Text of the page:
By Desmond Davies, GNA London Bureau Chief
London, Mar. 18, GNA – The Truth, Reconciliation and Reparations Commission (TRRC) in The Gambia suspended public hearings and outreach activities on Wednesday as a result of the coronavirus (COVID-19) pandemic.
It comes two days after the TRRC began its 13th session, which would have covered a three-week period, ending on April 2.
A TRRC statement said the suspension was in line with the Gambian government’s efforts to contain the virus.
It added: “As the end of this three-week suspension will coincide with the beginning of the Commission’s Ramadan break, public hearings will not resume until after the end of the month of Ramadan, around the first week of June.”
The statement said outreach activities would be resumed “when considered safe to do so”.
During the 12th session, which ended on March 5, the TRRC focused on the arbitrary arrest and detention of public and private citizens.
The suspended 13th session was planning to spend two weeks on hearing evidence of unlawful attacks against road users by former President Yahya Jammeh’s convoys.
The remaining period was to have started the institutional hearing on the prison system and the violation of the rights of the inmates and detainees.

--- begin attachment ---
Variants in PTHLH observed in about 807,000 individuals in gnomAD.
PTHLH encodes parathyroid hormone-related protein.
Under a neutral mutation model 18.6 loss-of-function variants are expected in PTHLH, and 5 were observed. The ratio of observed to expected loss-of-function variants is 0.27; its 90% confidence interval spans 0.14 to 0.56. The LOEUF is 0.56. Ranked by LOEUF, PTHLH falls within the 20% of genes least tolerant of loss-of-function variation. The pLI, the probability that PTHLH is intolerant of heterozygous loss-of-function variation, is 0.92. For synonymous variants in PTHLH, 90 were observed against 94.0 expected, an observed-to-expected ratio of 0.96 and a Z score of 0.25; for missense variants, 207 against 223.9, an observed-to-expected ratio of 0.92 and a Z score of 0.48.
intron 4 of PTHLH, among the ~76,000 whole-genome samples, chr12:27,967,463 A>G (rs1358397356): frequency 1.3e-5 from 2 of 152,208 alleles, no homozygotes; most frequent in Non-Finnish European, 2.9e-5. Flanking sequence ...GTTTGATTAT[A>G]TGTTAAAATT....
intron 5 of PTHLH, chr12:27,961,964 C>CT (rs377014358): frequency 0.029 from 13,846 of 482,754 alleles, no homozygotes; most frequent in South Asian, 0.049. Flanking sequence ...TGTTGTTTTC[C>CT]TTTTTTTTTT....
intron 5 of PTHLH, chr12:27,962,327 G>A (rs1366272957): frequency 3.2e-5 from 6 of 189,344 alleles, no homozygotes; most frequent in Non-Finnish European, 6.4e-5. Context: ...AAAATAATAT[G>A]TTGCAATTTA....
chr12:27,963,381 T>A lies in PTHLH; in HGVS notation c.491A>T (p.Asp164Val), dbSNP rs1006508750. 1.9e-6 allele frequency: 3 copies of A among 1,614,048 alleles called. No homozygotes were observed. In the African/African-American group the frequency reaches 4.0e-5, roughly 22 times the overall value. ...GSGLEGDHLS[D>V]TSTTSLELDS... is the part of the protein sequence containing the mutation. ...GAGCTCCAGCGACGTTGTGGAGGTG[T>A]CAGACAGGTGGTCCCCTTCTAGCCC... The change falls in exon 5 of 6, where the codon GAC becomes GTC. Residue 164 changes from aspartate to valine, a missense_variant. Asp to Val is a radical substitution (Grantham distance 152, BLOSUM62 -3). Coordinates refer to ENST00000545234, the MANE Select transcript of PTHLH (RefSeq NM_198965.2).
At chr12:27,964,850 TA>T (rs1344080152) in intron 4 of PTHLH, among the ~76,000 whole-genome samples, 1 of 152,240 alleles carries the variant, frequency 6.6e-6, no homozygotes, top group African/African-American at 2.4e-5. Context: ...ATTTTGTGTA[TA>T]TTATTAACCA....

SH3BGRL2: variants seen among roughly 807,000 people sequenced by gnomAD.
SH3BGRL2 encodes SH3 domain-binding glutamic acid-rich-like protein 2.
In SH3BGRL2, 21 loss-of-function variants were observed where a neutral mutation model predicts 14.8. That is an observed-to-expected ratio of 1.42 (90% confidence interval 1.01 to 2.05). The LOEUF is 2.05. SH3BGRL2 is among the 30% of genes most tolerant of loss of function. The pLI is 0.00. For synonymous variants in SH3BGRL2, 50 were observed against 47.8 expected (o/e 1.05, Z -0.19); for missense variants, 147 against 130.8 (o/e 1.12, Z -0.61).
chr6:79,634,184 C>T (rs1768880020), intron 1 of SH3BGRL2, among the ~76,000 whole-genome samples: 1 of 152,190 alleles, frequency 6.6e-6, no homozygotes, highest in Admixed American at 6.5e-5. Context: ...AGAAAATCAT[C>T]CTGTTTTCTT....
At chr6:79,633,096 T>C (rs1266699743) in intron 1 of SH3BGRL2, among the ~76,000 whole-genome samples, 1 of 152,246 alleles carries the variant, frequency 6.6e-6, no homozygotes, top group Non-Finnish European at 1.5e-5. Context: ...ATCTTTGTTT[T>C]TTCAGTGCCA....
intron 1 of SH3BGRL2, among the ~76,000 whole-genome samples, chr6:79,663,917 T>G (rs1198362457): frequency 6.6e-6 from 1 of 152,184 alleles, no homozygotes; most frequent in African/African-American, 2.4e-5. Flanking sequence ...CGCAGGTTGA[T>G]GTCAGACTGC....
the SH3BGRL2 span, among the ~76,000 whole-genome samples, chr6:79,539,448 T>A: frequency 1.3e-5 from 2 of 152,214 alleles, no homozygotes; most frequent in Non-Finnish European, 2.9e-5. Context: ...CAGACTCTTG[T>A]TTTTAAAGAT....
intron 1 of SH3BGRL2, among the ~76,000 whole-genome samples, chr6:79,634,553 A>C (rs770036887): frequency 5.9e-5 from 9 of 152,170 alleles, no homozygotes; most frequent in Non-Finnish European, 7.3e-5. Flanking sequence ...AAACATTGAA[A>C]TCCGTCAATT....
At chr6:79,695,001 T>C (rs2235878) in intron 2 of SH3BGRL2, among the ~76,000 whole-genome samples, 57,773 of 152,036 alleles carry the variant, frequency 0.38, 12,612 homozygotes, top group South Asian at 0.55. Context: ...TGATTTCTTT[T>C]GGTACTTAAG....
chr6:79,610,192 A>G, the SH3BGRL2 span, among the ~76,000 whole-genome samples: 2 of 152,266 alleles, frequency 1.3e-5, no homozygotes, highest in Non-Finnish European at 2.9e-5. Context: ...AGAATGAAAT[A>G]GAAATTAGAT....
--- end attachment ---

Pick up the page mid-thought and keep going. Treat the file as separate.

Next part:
A few weeks ago, the TRRC reached the halfway mark of its two-year mandate.
The Commission said it intended to finish its public hearings during the first week of October, with the rest of the year devoted to preparation of its final report.
Dr Lamin J. Sise, Chairman of the TRRC, says, the hearings had been shocking for Gambians
“The evidence adduced before the Commission during the above-mentioned public hearings shows gross human rights violations against the Gambian people,” he said.
“Since the TRRC’s public hearings began, the conscience of the nation is being repeatedly shocked by the revelations of sheer brutality meted out to victims.
“The revelations have also sparked a serious national conversation and soul-searching that seeks to understand just how such acts of barbarity could happen in this country.
“As we journey further into this second and final year of our mandate, this Commission remains firmly committed to the pursuit of the truth without fear or favour, affection or ill-will with regards to any individual or group of individuals,” Dr. Sise added.
He went on: “We remain committed to the cause of the victims, to the welfare of our nation and to helping guarantee non-recurrence of the senseless violations and abuses that occurred in this country.
“It is in this spirit that the Commission wishes to further encourage all victims of human rights violations and all persons who have information that would be helpful to the Commission’s work to please come forward and share their stories.”
Dr Sise said that although not every witness who gave a statement was guaranteed to testify in a public hearing, “every statement received is a valuable addition to the historical record the Commission is mandated to establish”.